Salmonella outbreak: 2 Minnesota victims ID'd; both died in Brainerd

Source of Article:  http://www.startribune.com/local/37644484.html?elr=KArksLckD8EQDUoaEyqyP4O:DW3ckUiD3aPc:_Yyc:aUUr

Last update: January 15, 2009 - 12:21 PMFeatured comment

A Minneapolis law firm today identified one of the two elderly Minnesotans whose deaths are being linked to a nationwide salmonella outbreak and said legal action will be taken.

The two victims were both in nursing homes in Brainerd that are operated by the Evangelical Lutheran Good Samaritan Society of Sioux Falls, a social service agency.

Shirley Mae Almer, 72, of Perham, who died on Dec. 21, was in a long-term care facility and "consumed peanut butter that state health officials have since confirmed was contaminated by the same strain of salmonella bacteria that has sickened at least 425 people in 43 states since mid-September," said a news release from Pritzker Law.

Attorney Fred Pritzker said "the family is deeply disturbed about the food poisoning." Pritzker added that a lawsuit "will be commenced on behalf of Mrs. Almer's heirs in the very near future" and will target the distributor of the product and its manufacturer.

The investigation is focused on peanut butter distributed to food suppliers in seven states by the Ohio-based King Nut company, and, nationally, by the Peanut Corp. of America in Lynchburg, Va., which manufactures and distributes institutional brands. Representatives for the two companies didn't immediately comment about the looming legal action.

Almer became ill while in the Good Samaritan Society, Bethany, nursing home, Pritzker said.

The second victim was an elderly man with underlying health conditions, making it difficult to say whether salmonella poisoning was directly responsible, state health officials said Wednesday.

The Duluth News Tribune today identified the man as Clifford Tousignant, 78, who lived in Duluth and fell ill at the Good Samaritan Society, Woodland, nursing home, where he had been living since November.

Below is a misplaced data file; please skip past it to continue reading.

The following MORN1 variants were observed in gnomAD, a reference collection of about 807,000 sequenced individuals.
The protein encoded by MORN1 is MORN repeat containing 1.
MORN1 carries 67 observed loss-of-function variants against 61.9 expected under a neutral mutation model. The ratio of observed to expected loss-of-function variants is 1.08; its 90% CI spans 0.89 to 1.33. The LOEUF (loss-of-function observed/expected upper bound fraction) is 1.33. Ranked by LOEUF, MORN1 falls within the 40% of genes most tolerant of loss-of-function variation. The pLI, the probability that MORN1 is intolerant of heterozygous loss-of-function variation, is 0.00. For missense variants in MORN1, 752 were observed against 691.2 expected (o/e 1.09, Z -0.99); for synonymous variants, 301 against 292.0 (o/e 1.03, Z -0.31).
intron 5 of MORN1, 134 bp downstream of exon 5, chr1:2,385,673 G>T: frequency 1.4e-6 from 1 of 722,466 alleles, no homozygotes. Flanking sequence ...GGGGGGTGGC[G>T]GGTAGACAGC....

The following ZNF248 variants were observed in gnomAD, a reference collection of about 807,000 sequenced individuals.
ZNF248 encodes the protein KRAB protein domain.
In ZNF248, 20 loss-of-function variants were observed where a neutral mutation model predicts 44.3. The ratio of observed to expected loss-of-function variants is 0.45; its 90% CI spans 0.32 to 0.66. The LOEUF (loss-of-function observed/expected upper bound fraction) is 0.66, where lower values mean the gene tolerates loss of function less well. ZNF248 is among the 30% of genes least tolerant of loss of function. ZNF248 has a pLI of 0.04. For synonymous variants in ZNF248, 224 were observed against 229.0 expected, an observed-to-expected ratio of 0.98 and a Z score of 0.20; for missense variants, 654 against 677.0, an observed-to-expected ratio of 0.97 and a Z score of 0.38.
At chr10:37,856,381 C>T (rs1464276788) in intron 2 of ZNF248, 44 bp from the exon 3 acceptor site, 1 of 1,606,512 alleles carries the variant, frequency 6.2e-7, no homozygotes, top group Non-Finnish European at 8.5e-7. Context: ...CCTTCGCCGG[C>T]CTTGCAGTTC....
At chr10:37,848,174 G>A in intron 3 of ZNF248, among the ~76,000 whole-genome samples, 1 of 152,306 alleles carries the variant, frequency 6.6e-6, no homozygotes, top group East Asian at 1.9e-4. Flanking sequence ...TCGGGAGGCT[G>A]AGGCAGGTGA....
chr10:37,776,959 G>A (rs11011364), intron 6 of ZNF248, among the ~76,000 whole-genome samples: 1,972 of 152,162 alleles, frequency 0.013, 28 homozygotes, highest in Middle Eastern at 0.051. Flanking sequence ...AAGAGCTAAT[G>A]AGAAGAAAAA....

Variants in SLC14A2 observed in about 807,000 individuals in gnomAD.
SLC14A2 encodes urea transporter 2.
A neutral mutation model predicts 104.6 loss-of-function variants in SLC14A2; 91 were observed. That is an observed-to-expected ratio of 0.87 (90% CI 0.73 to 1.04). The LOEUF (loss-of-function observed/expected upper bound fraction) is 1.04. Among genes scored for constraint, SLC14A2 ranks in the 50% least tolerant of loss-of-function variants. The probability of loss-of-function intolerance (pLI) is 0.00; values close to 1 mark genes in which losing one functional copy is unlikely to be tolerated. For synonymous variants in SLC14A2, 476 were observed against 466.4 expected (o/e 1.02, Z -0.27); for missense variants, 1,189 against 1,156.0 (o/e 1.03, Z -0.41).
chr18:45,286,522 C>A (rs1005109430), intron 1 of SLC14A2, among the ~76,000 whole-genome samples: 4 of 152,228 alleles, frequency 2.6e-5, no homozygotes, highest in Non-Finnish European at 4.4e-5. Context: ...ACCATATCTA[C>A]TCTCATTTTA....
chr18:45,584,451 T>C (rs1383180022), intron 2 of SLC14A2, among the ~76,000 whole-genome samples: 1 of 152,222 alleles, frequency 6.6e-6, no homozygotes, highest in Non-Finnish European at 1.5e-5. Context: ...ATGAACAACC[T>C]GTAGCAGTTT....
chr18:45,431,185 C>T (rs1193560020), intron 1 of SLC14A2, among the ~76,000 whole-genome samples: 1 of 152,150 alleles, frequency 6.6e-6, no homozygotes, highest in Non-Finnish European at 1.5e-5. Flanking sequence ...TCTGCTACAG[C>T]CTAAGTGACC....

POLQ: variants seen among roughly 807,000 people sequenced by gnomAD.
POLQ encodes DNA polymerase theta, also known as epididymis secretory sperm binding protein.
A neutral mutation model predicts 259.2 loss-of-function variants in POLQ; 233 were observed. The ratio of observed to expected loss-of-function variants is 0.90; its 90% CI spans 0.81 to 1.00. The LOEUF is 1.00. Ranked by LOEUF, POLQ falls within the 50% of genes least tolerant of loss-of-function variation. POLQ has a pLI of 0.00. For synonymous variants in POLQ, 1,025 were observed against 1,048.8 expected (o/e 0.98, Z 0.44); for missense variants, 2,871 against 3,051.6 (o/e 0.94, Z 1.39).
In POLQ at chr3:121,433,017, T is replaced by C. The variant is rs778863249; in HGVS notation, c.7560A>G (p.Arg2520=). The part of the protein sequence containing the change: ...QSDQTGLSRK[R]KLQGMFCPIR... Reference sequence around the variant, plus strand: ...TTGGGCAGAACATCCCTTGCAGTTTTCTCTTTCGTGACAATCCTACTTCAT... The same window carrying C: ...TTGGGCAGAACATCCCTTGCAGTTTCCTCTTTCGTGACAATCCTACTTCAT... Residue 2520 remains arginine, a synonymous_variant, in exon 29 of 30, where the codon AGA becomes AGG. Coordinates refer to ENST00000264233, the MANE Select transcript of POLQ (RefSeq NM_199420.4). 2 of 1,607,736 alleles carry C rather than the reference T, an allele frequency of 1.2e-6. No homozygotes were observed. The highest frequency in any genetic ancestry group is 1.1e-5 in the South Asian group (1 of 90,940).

Fox TV in Duluth quoted Tousignant's son, Marshall, as saying, "The nursing home told me that after he got back from the hospital. I talked to the nursing home, and I said, 'So what's going on?' They said it's this bulk peanut butter that we buy, and it's in that." The two victims were among 12 nursing home residents who became ill in the outbreak that in Minnesota is linked to King Nut Peanut Butter, sold to institutions.

Health officials also raised the overall number of salmonella cases detected in the state to 33, up from 30. Twelve of those cases were residents of long-term care facilities, including the two people who died. Thirteen of the victims were hospitalized.

Federal health officials have also confirmed that two Virginia deaths are linked to the national outbreak that has sickened more than 400 people.

Fox TV in Duluth quoted Tousignant's son, Marshall, as saying, "The nursing home told me that after he got back from the hospital. I talked to the nursing home, and I said, 'So what's going on?' They said it's this bulk peanut butter that we buy, and it's in that." The two victims were among 12 nursing home residents who became ill in the outbreak that in Minnesota is linked to King Nut Peanut Butter, sold to institutions.

Health officials also raised the overall number of salmonella cases detected in the state to 33, up from 30. Twelve of those cases were residents of long-term care facilities, including the two people who died. Thirteen of the victims were hospitalized.

Federal health officials have also confirmed that two Virginia deaths are linked to the national outbreak that has sickened more than 400 people.

The Associated Press contributed to this report.

 

 

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